Saturday, February 26, 2011

The toll just rises

In my mind I am speculating whether the 200 odd missing people in Christchurch includes the 140 confirmed dead. I suspect not. ABC Melbourne's Jon Faine broadcast on Tuesday morning at about eleven o'clock our time that an earthquake had occurred in Christchurch. Who could have imagined those few simple words would usher in the disaster to unfold.

I got into a bit of an online blue with a local bloke in an email list who had lived in New Zealand, not Chch, for a few years. Essentially he was focused on what people had lost, that they even were being subjected to the indignity of digging holes in their backyards to use as latrines , and I, as a dispassionate outsider, was stressing the importance of symbolism. That is, if the cathedral can be repaired, it should be. If the tourist tram can run again, it should, and soon. Of course neither should be ahead of ensuring the restitution of basic services and housing, but creating a sense of the future, that all will return to normality is important. It creates faith and reinforces to locals that the political will is there for them. The familiar, symbolism and routine are so very important in our lives. That said, I perhaps should have been more sensitive to the pain my protagonist was feeling.

Oh, I just refreshed the New Zealand Herald website and the toll is now 145. This is truly a nightmare.

Christchurch is going to need money pumped into it, lots of money. I will guess that Chch is New Zealand's second largest city and there seems to be a little antipathy towards the largest city, Auckland. I found the latter half of this article quite interesting.

In the manner of a curate's egg, natural disasters such as Queensland and Victoria's floods, Queensland's cyclone and now Chch's earthquake can give incredible economic stimulus. Imagine the way money starts being exchanged. Imagine the employment available. People working and spending makes economies work, on local and larger levels. I very much doubt PM Key can hold true to the usual conservative mantra of lower taxes and less government involvement. Of course though, serious money has to come from somewhere. Over to you PM Key and the gnomes of Zurich.

Queen Elizabeth

She is named after the late Queen Mother. I managed to miss her sailing up the bay to Station Pier. I fell back to sleep after checking at 5.30am and did not wake again till 6.30am. R was up at six to go to work but forgot to look.

I caught a tram down to Station Pier to take a look at her. The pier area was in a state of organised chaos. That is, it looked chaotic, but was there was organisation. Sadly only the arse end stern was on show. The Zemira is owned by Royal Dutch Shell and I suppose it was feeding some petrol to the Queen Elizabeth.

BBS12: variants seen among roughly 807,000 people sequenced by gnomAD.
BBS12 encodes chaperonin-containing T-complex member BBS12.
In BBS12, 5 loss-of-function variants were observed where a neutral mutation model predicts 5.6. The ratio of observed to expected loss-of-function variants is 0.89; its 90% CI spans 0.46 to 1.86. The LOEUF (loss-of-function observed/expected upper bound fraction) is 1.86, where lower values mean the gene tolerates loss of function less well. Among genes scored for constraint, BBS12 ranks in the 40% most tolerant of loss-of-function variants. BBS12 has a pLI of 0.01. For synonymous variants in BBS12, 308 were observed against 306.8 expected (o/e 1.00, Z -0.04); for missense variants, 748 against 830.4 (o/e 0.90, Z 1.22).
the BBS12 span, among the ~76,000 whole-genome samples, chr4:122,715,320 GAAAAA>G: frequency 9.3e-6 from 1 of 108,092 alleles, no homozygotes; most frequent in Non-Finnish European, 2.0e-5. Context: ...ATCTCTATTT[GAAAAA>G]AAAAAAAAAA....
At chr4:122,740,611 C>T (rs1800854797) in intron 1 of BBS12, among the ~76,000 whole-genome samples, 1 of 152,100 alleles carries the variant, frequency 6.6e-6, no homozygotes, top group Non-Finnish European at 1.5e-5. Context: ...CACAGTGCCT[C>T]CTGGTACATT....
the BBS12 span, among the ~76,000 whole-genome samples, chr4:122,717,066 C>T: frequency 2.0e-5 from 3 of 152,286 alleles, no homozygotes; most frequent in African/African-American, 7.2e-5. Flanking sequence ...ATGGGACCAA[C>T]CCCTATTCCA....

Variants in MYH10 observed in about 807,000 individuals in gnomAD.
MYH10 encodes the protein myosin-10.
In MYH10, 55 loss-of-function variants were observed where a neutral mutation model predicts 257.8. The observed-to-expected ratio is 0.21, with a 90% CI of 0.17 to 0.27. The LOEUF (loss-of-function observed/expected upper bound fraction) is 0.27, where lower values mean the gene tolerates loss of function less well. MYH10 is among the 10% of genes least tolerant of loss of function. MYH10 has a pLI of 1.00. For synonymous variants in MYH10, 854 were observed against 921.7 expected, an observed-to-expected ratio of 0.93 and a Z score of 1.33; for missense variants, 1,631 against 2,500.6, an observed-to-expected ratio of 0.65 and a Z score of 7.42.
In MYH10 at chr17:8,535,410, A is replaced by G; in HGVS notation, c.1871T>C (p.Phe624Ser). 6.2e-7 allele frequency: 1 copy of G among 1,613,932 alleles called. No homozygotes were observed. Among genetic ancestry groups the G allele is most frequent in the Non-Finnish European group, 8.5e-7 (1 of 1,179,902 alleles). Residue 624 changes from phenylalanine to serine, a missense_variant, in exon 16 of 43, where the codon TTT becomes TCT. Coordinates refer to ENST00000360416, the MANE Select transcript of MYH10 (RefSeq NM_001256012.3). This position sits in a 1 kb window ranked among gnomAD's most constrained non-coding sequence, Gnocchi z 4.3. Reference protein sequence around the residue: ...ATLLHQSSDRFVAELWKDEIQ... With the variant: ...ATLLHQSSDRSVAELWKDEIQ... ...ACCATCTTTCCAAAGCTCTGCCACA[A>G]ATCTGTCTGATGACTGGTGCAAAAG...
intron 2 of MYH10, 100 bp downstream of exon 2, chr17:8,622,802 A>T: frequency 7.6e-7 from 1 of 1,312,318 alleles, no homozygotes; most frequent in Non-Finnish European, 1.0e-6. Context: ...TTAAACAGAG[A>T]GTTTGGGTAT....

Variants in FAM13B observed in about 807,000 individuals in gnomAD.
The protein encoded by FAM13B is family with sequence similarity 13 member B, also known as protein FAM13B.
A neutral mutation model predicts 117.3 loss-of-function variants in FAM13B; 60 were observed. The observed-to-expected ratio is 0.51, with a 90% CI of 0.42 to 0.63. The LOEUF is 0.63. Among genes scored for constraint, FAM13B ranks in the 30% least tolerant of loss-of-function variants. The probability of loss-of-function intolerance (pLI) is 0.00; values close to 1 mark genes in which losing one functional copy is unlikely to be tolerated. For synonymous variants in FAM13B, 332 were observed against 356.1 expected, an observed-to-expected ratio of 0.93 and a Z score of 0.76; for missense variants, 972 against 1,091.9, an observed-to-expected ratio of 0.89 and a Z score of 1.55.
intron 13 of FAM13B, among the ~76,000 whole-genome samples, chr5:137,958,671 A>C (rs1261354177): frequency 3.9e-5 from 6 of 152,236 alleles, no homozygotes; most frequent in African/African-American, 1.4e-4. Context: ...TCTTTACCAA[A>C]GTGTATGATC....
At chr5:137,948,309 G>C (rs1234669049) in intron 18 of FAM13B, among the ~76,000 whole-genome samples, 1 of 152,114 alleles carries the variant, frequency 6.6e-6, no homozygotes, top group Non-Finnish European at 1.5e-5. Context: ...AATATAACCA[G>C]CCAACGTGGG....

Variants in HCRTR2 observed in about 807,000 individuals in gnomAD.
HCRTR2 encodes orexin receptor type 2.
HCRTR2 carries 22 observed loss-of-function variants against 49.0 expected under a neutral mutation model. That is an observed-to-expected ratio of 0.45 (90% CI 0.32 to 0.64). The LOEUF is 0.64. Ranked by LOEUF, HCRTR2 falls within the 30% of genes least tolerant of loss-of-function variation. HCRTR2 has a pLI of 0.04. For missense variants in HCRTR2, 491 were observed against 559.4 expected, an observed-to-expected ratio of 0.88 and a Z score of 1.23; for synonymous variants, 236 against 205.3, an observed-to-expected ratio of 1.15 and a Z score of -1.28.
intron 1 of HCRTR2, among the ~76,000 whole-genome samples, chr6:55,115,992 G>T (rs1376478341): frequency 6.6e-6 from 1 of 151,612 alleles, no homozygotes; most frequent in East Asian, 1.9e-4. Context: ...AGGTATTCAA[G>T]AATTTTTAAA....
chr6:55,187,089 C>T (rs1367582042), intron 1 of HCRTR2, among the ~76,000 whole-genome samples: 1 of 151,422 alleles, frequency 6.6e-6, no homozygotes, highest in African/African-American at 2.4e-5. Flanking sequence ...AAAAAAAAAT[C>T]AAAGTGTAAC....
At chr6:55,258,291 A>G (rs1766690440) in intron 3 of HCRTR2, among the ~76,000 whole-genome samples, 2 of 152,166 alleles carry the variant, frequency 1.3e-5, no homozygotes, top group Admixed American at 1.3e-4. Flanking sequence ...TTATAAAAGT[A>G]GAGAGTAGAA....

I rather like that the two names are both visible, although Zemira, Melbourne doesn't quite have the cachet of Queen Elizabeth, Southhampton.

Ah, I just realised there was another cruise ship. I just assumed it was Spirit of Tasmanian. Wait, and I'll check. Crystal Serenity from the Bahamas. Funny, I said to R later that Queen Elizabeth didn't look much bigger than the Spirit on the other side of the pier. Now I know why.

Clearing Photos 8

Damn boring drain covers we have in Melbourne. The name Danks was often seen at mens urinals in relief on the overhead chain operated cisterns. Go and take at look at how NZ do there drain covers. Puts ours to shame. Kiwi Nomad has a tag that links them all together under Aducpas, Australasian Drain and Utility Cover and Plumbing Appreciation Society.

Friday, February 25, 2011

50th Anniversary

Fifty years ago today Sydney lost its last tram. The trams were replaced by a combination of motor buses and trolley buses. Julie has posted some nice commemorative photos here.

Below is one of my favourite Sydney tram photos. I am unsure where it came from or of copyright. It is a location familiar to many. It certainly should be to you if you have ever visited Kings Cross.

To your right is William Street, leading to the city and to your left is Bayswater Road leading to the eastern suburbs and of course the intersecting street is Darlinghurst Road. If you look terribly hard, you may see tram tracks in Darlinghurst Road, which was only a short siding. The trams in the photos should have travelled from Watsons Bay, but it is possible that they are extra trams which didn't travel the whole route and were provided to offer a good service to Kings Cross and beyond.

At the Pier